The company has enlisted Republicans from other states to champion its efforts to ease limits on oil tankers here. Lawmakers from Washington aren't happy.
BP oil-company executives went to Capitol Hill on Tuesday to plead their case with the state delegation for repealing the law that protects Puget Sound from oil spills by limiting tanker traffic.
They got a frosty reception.
Norm Dicks, D-Bremerton, and delegation staffers took them to task for trying to upend 1977 legislation by quietly enlisting Sen. Ted Stevens, R-Alaska, and Republicans from other states to champion their cause.
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BP would like more oil tankers to be allowed to dock at its Cherry Point refinery in Bellingham.
But the so-called Magnuson amendment, named after the law’s author, the state’s late U.S. Sen. Warren Magnuson, restricts any increase in oil-tanker capacity in Puget Sound unless it serves Washington state’s energy needs.
Internal e-mails from BP executives and one of its lawyers, given to The Seattle Times, indicate that BP has been working closely with Stevens to undo the tanker rule.
Early last month BP’s attempts to get the House to change the Magnuson amendment were blocked by Dicks; Jay Inslee, D-Bainbridge Island; and Dave Reichert, R-Auburn.
But last week, Stevens announced he was introducing a bill to repeal the amendment. He surprised the delegation but apparently not BP.
“Sen. Stevens may take another run at Magnuson on the Senate floor, perhaps within days,” said an e-mail written by BP spokesman Bill Kidd on Oct. 19. Kidd added, “I have asked Rick Cocker to prepare an op-ed piece for us in the event it might be useful; we will check with Stevens before launching anything proactively.”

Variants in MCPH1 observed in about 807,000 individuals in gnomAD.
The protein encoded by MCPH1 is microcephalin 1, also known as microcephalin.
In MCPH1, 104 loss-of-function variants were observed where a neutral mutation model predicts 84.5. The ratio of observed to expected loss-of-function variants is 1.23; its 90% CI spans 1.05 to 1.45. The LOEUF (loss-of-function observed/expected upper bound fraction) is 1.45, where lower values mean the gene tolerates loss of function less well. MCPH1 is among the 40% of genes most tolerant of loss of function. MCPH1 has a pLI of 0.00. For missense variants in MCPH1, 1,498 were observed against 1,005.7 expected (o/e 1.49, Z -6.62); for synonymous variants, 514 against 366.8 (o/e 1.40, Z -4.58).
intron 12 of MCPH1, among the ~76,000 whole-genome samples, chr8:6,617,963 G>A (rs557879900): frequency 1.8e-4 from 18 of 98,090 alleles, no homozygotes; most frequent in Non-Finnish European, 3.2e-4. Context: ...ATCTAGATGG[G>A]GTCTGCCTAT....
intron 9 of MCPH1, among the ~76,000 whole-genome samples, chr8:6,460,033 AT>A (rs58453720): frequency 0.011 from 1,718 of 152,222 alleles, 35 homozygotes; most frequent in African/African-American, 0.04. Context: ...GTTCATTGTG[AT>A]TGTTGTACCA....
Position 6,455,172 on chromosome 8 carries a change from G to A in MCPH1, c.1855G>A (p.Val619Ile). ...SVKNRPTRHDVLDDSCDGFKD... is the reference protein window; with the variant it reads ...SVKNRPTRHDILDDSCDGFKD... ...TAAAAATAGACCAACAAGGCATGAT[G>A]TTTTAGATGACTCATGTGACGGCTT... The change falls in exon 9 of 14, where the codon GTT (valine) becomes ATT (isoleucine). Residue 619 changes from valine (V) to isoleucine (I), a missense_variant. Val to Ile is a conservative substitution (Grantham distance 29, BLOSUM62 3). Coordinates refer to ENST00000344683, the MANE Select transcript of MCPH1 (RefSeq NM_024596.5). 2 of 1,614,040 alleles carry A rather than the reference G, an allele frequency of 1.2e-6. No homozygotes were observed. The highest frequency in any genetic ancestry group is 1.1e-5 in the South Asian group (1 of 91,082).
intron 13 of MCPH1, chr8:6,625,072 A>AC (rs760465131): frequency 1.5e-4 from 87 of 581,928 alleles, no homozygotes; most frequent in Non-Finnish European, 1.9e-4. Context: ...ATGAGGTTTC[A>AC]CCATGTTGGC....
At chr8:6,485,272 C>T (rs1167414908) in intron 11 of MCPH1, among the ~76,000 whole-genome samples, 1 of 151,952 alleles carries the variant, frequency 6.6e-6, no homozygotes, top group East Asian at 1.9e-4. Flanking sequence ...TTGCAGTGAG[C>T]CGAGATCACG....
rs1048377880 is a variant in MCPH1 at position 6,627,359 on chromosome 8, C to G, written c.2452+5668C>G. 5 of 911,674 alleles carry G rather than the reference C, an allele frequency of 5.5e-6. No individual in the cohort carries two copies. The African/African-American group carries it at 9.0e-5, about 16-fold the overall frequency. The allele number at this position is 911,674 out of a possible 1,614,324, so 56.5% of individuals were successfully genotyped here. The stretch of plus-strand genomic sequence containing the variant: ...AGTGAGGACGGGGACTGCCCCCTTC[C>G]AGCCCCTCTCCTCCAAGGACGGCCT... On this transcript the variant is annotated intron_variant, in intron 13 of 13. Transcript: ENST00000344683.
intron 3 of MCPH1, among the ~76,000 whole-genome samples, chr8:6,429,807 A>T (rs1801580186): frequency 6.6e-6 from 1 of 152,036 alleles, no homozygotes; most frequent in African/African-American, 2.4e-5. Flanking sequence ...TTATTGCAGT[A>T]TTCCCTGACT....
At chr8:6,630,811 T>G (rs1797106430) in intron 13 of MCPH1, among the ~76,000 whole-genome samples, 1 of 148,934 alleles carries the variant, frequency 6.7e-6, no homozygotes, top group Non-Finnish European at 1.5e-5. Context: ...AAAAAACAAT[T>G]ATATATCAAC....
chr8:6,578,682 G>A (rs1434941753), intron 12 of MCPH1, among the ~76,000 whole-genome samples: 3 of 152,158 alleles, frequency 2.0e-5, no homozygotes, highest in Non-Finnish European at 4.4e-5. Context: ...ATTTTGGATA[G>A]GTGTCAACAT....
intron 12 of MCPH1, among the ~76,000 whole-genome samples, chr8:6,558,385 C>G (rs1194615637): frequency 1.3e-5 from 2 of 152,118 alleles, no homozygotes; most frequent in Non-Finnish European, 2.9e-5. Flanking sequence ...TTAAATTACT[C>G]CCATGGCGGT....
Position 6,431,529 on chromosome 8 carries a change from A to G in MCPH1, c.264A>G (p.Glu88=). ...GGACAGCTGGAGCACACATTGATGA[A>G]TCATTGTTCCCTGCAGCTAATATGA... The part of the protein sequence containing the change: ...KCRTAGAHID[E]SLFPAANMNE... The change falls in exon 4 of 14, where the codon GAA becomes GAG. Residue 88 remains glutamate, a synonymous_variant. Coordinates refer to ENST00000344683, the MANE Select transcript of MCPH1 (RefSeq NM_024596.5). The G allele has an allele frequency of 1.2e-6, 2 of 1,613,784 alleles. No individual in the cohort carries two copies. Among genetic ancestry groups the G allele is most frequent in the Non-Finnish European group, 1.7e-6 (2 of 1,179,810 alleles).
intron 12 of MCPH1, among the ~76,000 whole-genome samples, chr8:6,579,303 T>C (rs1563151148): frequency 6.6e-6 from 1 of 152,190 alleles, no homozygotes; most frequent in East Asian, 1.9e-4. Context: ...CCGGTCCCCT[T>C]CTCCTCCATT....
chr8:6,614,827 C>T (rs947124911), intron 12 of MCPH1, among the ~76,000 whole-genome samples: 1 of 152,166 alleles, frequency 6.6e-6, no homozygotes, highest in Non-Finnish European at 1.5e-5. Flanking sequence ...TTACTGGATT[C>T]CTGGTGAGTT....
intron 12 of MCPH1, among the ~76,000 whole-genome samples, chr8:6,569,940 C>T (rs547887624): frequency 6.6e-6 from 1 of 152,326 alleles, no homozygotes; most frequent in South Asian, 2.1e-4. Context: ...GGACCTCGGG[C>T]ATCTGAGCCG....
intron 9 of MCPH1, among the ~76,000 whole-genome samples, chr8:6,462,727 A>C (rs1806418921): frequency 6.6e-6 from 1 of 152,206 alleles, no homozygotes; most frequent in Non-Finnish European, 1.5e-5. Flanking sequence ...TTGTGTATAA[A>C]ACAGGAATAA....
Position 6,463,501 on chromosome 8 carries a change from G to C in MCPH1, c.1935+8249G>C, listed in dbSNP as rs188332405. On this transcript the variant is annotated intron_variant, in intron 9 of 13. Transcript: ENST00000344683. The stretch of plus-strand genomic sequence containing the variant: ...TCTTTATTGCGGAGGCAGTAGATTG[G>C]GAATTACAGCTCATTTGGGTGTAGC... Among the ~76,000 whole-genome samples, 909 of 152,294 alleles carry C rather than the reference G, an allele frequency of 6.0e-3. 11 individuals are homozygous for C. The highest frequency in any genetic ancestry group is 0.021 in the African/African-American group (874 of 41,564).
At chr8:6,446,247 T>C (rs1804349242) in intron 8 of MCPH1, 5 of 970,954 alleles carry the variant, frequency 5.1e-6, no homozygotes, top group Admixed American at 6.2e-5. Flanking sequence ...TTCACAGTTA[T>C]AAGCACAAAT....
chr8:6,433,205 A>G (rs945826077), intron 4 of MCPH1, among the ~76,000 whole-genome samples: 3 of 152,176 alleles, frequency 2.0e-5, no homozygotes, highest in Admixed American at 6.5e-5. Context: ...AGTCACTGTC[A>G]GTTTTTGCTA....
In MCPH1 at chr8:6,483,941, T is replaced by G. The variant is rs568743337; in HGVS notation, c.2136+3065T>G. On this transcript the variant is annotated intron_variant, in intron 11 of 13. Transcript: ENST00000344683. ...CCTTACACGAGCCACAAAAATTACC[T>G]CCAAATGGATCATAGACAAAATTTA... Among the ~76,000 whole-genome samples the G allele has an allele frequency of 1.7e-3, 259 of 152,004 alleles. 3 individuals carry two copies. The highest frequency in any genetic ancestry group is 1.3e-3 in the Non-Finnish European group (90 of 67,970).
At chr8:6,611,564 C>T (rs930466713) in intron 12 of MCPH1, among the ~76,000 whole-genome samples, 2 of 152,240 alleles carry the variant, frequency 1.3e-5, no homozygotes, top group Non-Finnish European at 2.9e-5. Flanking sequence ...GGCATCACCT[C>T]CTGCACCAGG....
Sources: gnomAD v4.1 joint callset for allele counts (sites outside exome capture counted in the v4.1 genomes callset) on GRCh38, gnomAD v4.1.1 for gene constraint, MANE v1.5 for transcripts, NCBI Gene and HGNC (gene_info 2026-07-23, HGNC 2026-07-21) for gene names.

Cocker is head of Cocker Fennessy, a large public-relations firm in Seattle.
In response, one of BP’s lawyers wrote that he hoped the company would have a better strategy in the Senate than it had in the House.
“The next effort has to learn from the lessons of the last try,” said Matthew Cohen. He suggested a narrow amendment to existing legislation, and other minor changes that “would curb a lot of the paranoia,” and eliminate risk of litigation from the environmental group Ocean Advocates.
Ocean Advocates won a federal lawsuit in 2004, after the 9th U.S. Circuit Court of Appeals ruled that the second dock BP had built at Cherry Point in 2001 may have violated the law; it was constructed without a proper permit and environmental review by the Army Corps of Engineers.
BP’s lawyer also warned his clients to “brief Norm Dicks [a former Magnuson aide], so that he does not use his considerable power to kill the measure in the House.”
Dicks said he told the BP representatives that he will defend the Magnuson amendment. He has concerns about the cumulative effects of more tanker traffic in Puget Sound and thinks the company built the second dock to increase production, which would violate the intent of the amendment.
“I’m sure that’s what they’d like to do,” he said.
Stevens has said previously that repealing the Magnuson amendment would provide more energy to Northwest states.
Last week, BP’s president, Ross Pillari, testified in the Senate that unless the law changed, BP might have to cut production by 10 percent. If restrictions were lifted, he said, Cherry Point might expand production.
Previously, BP has said it has no plans to increase capacity.
BP also met with Reichert’s chief of staff, Mike Shields. Afterward, Shields said that Reichert will work with his Democratic colleagues to defeat the bill. “He will go to the GOP leadership again if necessary” to stop it, Shields said.
The issue may have ramifications for next year’s Senate race. Sen. Maria Cantwell, up for re-election, vociferously opposes Stevens’ bill. Some Republicans worry that his efforts are handing Cantwell a highly visible platform.
GOP Senate candidate Mike McGavick, who was in D.C. Tuesday meeting with GOP leaders and fundraisers, said he told Stevens that he also opposes changing the law.
“Sen. Stevens has made this unfortunate proposal. I decided to go and see him to tell him my concerns,” McGavick said. “I told him that in our part of the world we view it as a nonstarter.”
The Bellingham-area dock could also be a prime location for refining and transporting oil from the Arctic National Wildlife Refuge if it is opened up for drilling, BP spokesman Kidd said.
Stevens has been pushing for ANWR drilling for 25 years; BP is the second-highest contributor to his political campaigns since 1989, according to the Center for Responsive Politics.
Alicia Mundy: 202-662-7457 or email@example.com